Try to make a visit to Heights
Luc Roderique as Usnavi and Sharon Crandall as Abuela Claudia in Arts Club’s In the Heights. (photo by David Cooper)
Even before the musical starts, the set draws you in. Then the music, the lighting, the actors, the choreography. It’s not that any one of these aspects is better than the other in Arts Club’s In the Heights, now playing at the Stanley Industrial Alliance Stage. This is merely their order of appearance.
Ted Roberts has created three storefronts and an apartment with a backdrop of the George Washington Bridge. The sun comes up – thanks to Marsha Sibthorpe – as a graffiti artist plies his trade. He’s listening to music, but it takes awhile to realize that there’s a live band “living” above the bodega – directed by Ken Cormier, the music is such a part of the scene that you don’t really notice it until you find yourself moving to it, or the actors start to move to it. Enter Lisa Stevens’ choreography. It, too, is subtle, occurring in bits and bursts with a few professionally trained dancers who raise the quality across the board.
While other critics have found the music and lyrics by Lin-Manuel Miranda and book by Quiara Alegría Hudes (who, according to the program, is of Puerto Rican and Jewish descent) wanting, I don’t need to be intellectually challenged when I go the theatre, and I don’t generally expect musicals to portray gritty realism, so I thoroughly enjoyed In the Heights. It was a refreshingly different cultural setting from other musicals and plays I’ve seen in Vancouver, and that made it easier for me to lose myself in it. While I’ll admit to drifting a bit near the end of the first half, the predictability of the story was a comfort, rather than an obstacle to my enjoyment.
There are two main plotlines. One centres around the bodega owner, Usnavi. He is a reluctant entrepreneur, having taken over the business when his parents died. He dreams of returning to the Dominican Republic, but feels duty-bound to keep the bodega going, and he’s also got to think about his sidekick cousin, the wise-cracking Sonny, who helps him out at the store. Not only that but (of course?) he’s torn about leaving, as he is madly in love – but too shy initially to approach – Vanessa, who works at next door’s soon-to-be-closing hair salon.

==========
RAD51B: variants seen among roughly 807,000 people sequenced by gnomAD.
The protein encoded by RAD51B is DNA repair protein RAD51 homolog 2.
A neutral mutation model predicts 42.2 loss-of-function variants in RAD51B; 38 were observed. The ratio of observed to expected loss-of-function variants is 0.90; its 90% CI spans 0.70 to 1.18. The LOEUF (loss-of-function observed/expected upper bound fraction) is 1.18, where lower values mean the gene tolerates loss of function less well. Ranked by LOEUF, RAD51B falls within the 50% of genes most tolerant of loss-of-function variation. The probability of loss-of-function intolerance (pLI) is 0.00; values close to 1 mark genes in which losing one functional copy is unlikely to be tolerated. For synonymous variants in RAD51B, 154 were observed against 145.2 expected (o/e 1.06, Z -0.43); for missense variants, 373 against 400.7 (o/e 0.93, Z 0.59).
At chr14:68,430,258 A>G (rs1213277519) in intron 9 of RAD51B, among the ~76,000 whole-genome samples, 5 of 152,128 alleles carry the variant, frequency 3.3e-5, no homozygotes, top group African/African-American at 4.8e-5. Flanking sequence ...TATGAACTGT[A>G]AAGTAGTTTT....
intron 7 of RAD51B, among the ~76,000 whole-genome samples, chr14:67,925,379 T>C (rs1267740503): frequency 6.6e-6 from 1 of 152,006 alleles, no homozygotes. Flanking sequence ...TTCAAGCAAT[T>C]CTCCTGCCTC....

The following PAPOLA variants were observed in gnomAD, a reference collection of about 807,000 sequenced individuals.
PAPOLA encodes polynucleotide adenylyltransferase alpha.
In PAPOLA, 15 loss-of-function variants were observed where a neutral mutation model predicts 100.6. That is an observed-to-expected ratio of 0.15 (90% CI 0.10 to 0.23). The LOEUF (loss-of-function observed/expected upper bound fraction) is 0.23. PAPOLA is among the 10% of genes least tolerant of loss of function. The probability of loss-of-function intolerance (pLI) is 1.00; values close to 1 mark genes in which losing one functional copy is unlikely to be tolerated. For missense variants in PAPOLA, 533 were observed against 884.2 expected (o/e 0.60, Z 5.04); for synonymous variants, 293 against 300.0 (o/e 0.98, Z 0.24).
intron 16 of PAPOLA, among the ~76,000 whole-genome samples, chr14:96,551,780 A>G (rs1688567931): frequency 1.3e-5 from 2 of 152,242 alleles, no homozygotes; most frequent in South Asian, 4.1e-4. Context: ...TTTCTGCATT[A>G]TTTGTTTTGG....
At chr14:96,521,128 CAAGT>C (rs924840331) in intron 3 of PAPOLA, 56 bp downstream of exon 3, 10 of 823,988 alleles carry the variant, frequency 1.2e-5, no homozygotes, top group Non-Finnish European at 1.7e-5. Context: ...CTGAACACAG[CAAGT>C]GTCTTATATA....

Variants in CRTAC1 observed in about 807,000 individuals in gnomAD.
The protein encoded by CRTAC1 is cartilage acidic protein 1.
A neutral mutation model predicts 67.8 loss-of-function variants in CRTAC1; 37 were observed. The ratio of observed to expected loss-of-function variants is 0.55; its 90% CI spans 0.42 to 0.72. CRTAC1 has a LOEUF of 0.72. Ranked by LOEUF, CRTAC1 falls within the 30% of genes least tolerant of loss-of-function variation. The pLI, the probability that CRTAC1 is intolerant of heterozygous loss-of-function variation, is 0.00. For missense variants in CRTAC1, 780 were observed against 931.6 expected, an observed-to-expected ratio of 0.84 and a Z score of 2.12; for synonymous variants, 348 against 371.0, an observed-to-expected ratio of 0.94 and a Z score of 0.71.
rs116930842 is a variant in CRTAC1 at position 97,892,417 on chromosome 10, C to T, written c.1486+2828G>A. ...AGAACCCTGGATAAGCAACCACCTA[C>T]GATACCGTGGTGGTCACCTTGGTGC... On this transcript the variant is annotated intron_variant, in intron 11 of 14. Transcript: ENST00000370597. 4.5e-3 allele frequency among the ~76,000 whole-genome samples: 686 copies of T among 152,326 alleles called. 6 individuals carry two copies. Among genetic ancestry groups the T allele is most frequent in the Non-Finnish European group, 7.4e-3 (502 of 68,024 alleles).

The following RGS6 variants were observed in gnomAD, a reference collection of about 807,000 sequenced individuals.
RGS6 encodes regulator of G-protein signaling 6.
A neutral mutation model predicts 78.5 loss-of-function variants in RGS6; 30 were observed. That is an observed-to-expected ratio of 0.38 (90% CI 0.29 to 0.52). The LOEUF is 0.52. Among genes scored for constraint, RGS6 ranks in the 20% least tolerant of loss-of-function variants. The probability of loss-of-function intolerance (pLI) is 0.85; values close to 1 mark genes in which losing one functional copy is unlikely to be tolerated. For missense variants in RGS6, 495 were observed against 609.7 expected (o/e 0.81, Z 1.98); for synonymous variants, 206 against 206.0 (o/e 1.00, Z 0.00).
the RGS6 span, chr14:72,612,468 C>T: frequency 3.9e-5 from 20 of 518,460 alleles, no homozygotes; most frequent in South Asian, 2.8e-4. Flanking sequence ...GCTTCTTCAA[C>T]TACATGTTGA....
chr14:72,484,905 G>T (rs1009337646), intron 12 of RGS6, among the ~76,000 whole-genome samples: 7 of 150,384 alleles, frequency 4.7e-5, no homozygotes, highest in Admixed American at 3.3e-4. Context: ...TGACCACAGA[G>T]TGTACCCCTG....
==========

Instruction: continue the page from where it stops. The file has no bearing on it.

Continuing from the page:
The other plotline focuses on Nina. Returning home to Washington Heights from Stanford University, she is the pride of the neighborhood, yet she has fallen short. Having to work two jobs has caused her grades to fall and she’s lost her scholarship. Her parents’ car-service business is barely keeping afloat, so there’s no money to be had there. In addition to the tensions that arise when Nina tells her parents the truth about her school situation, there is the not-so-small matter of her being in love with Benny, who, while trusted by her parents, for whom he has worked for years, is not Hispanic.
There is also a heat wave, a blackout and a death, and poverty, gentrification and other social issues are hinted at, however, none of these underlying elements rises to the foreground. In the Heights is light, fun fare and I, for one, won’t complain about that. The actors all do a great job at spitting out their lyrics clearly, staying on key and dancing in step; the musicians hit all the right notes. I left the Stanley in a better mood than I arrived, and that, to me, means it was a musical worth seeing.
In the Heights is on stage until June 7. For tickets and information, visit artsclub.com.
From the JI pages
Lisa Stevens, the choreographer and assistant director of In the Heights, grew up in Vancouver, and readers of the Jewish Independent / Jewish Western Bulletin have followed some of the highlights of her career, even her pre-career.
She was part of the Grade 1 classes being fêted at the Shalom Yeladim celebration led by Rabbi Wilfred Solomon and Dr. Sheldon Cherry that welcomed the young students enrolled at Beth Israel School and Talmud Torah in 1973, and she shared her bat mitzvah on May 30, 1980, at Beth Israel with Lisa Goldman. She was winning dance competitions by 1977 and teaching by 1986, when she was reported to be “the youngest choreographer in Canada,” at age 18.
Stevens opened her own dance studio in 1987 and her students were winning awards by 1992. In 1993, two of them “beat out 3,000 dancers to win the national finals (duo category) of the Sega Video Dance Contest.”
Off to London, England, in 1996, the JWB also caught up with her once she’d moved to New York. Stevens returns regularly to Vancouver to work on productions here and, no doubt, to visit family and friends. On more than one occasion, she’s taken time to chat with the paper and for that, we are appreciative.